Security UPDATE, commentary, February 26, 2003
Are you aware of the networks that track events and trends related to specific threats and ongoing attacks? You can participate in these threat-analysis networks, and in return, they offer information that can help you become aware of potential threats to your own network, sometimes well in advance of any actual attack.
Several networks (e.g., DShield.org, myNetWatchman, Symantec's DeepSight Analyzer, Internet Security Systems'--ISS's--X-Force Threat Analysis Service--XFTAS) collect security information and offer it to the public in the form of a worldwide security trend monitoring report. These networks receive input from a wide array of users' networks around the globe, all contributing information into a central repository. Intrusion Detection Systems (IDSs) and firewall logs running on the participating local networks provide the information.
Each threat-analysis network provides client-side software that gathers log information, parses it into a common format, and transmits the data back to a central repository. DShield.org client software works with more than three dozen various types of IDS and firewall systems; myNetWatchman client software and Symantec's DeepSight Analyzer service client software work with about two dozen IDS and firewall systems each.
DShield.org \[http://www.dshield.org\] is by far the most open of the networks. Anyone can visit the related Web site and immediately view both graphical and text-based reports that show current threat trends and historic data. For example, when you visit the Web site home page, you'll find a prominent graphical map of the world with pie charts for various continents. The pie charts give a quick view of threat trends based on aggregate information that shows which ports are being probed most often. Next to the graphic is a brief list of the port numbers and the services typically associated with those ports.
When I visited the DShield.org Web site Monday morning, I saw that port 1434, which is related to Microsoft SQL Server, is still among the top targets. This information might mean that the Slammer/Sapphire worm is still trying to spread around the Internet.
One interesting feature of DShield.org is that you can obtain graphic and text-based data files of threat trends to incorporate into your own Web pages. The data shows the current most frequently probed ports as well as the IP addresses that are conducting the most probing. This can provide information about current trends at a glance. DShield.org operates in association with the SysAdmin, Audit, Network, Security (SANS) Institute \[http://isc.sans.org\], which hosts the Internet Storm Center. The Internet Storm Center offers additional information, such as threat-analysis reports.
myNetWatchman \[http://www.mynetwatchman.com\] is a free public service without any membership requirements. The myNetWatchman Web site home page is basic and doesn't provide the extensive information that DShield.org provides, but it's useful in conjunction with the other threat-analysis information networks.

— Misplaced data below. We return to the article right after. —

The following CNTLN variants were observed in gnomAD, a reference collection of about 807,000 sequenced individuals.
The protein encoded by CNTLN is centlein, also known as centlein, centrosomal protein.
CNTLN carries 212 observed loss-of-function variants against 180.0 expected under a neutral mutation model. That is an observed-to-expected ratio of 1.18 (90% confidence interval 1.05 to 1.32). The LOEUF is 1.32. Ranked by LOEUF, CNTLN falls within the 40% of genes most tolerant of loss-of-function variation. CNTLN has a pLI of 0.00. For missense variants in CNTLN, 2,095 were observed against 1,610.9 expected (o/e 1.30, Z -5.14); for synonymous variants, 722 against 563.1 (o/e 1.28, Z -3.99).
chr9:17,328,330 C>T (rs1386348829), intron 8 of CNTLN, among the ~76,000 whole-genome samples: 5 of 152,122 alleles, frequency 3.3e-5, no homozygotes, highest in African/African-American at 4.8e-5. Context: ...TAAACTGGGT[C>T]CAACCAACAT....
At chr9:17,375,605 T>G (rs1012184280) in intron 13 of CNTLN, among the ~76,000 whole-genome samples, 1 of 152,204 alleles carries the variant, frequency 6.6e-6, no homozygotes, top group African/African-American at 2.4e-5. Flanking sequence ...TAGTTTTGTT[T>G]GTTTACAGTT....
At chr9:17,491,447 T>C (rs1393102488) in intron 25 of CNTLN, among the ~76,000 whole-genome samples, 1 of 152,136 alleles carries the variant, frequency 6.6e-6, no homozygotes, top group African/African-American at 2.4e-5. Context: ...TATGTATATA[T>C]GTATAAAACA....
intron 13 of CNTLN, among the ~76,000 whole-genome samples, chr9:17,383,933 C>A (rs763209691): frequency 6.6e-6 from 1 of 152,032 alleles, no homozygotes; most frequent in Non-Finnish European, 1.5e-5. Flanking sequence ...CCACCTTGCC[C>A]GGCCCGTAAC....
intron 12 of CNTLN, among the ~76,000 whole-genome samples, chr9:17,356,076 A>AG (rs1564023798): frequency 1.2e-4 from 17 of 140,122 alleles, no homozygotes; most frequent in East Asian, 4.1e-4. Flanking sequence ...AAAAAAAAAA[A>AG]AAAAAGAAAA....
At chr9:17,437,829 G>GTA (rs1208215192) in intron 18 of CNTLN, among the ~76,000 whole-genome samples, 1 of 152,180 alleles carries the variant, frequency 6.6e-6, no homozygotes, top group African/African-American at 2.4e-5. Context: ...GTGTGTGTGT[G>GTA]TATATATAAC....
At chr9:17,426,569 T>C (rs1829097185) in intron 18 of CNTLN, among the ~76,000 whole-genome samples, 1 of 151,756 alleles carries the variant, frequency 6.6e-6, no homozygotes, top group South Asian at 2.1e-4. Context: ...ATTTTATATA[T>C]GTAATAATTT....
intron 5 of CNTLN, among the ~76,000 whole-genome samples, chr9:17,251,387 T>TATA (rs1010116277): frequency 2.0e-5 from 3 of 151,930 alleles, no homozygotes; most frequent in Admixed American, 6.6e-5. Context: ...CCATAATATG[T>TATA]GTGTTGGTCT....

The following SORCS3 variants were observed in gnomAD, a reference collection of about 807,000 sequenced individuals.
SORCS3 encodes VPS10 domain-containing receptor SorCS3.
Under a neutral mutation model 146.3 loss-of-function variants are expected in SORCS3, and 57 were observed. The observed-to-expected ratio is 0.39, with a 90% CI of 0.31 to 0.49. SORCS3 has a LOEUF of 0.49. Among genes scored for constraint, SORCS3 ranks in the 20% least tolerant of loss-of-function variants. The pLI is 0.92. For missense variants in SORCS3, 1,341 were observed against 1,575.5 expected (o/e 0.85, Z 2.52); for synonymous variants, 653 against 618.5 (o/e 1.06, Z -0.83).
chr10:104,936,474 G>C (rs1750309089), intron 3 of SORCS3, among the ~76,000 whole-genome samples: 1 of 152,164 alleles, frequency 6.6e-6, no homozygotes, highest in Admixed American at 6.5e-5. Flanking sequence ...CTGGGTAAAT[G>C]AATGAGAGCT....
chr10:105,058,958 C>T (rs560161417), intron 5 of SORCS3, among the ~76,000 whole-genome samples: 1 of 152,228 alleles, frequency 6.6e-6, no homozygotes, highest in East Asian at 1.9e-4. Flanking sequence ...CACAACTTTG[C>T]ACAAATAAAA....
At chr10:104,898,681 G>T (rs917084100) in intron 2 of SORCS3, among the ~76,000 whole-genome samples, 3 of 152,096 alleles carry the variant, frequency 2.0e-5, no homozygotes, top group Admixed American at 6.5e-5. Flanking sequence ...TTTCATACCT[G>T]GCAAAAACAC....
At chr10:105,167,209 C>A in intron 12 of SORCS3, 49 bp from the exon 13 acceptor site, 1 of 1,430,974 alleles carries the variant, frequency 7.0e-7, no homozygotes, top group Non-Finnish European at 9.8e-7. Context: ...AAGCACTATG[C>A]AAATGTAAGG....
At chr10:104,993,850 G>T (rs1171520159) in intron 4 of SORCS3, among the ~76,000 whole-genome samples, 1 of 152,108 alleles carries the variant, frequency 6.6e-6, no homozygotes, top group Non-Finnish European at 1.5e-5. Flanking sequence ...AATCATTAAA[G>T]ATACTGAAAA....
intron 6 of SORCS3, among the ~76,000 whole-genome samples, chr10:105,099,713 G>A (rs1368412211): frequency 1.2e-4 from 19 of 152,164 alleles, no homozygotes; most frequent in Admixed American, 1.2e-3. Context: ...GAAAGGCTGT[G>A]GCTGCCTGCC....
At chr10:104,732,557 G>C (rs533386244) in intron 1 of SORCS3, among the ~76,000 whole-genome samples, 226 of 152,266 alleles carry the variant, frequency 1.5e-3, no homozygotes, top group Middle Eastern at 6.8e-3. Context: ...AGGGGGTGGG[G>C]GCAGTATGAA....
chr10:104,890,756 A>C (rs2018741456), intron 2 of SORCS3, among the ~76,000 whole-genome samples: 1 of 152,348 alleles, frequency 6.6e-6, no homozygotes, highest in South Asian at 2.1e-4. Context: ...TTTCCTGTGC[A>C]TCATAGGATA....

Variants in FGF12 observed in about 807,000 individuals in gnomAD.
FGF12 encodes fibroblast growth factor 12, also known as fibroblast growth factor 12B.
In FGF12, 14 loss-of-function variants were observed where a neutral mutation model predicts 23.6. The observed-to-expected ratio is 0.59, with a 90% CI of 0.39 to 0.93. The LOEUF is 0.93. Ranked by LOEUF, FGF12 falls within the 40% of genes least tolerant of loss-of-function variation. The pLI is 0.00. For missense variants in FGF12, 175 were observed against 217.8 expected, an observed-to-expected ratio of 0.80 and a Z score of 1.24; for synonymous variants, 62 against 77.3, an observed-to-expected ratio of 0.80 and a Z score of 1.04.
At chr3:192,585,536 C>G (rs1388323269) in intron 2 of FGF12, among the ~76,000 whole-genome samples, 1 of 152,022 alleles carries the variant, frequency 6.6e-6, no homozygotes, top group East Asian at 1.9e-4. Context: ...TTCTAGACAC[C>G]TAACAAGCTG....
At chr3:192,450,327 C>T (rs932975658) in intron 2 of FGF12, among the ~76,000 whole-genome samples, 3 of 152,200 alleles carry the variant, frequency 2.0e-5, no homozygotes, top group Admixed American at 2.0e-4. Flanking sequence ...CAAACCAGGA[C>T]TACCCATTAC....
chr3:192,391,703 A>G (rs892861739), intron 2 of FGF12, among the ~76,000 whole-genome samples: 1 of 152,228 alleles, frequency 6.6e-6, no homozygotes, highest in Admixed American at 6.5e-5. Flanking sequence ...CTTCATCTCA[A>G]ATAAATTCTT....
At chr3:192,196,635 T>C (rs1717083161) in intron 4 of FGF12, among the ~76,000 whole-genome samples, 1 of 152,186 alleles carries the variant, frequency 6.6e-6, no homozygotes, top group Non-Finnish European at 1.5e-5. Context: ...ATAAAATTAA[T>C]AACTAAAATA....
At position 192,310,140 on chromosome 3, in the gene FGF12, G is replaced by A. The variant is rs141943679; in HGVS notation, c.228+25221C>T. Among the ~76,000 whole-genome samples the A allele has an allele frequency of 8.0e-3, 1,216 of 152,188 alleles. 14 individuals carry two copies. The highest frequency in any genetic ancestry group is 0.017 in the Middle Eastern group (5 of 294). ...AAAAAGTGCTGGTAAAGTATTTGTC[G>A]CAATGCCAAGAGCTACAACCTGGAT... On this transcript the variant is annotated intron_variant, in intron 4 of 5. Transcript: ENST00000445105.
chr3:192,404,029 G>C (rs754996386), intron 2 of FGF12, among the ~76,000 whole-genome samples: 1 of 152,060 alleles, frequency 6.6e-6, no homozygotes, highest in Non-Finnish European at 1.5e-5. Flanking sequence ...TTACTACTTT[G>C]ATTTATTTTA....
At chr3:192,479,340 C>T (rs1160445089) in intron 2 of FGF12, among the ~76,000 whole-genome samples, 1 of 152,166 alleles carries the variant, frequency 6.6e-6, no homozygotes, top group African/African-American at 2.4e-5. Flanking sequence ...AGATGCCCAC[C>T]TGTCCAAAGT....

Symantec's DeepSight Analyzer \[http://analyzer.securityfocus.com\] is a free service, but only participants who provide IDS and firewall logs can view aggregate information that the service provides. The service's Web site home page has a basic display of threat counts, but no further useful details for visitors. To learn more about the service, visit the Web site, and consider joining the network if it supports your particular IDS or firewall. Symantec also offers a paid service, DeepSight Threat Management System \[http://enterprisesecurity.symantec.com/products/products.cfm?productid=158\], which offers alert and notification information tailored to your IT infrastructure.
ISS's XFTAS \[https://gtoc.iss.net\] is a paid annual service similar to the Symantec paid offering. Customers receive access to helpful security-related information and can personalize their accounts to obtain the information they need.
Joining one or more of these networks can increase your ability to keep your network secure, which leads to a better Return on Investment (ROI) for your overall security budget (and might even increase productivity and free up time and money for other security resources). If your budget allows, consider subscribing to the paid services that ISS and Symantec offer. If you can't afford such security resources right now, know that you can participate in DShield.org and myNetWatchman by investing some of your time.
Please take a moment to respond to the current Security Administrator Instant Poll question \[http://www.secadministrator.com\], "Do you participate in an 'early warning' network that gathers forensic information from firewall and Intrusion Detection System (IDS) logs?" If you know about additional threat-analysis networks, send me an email message about them.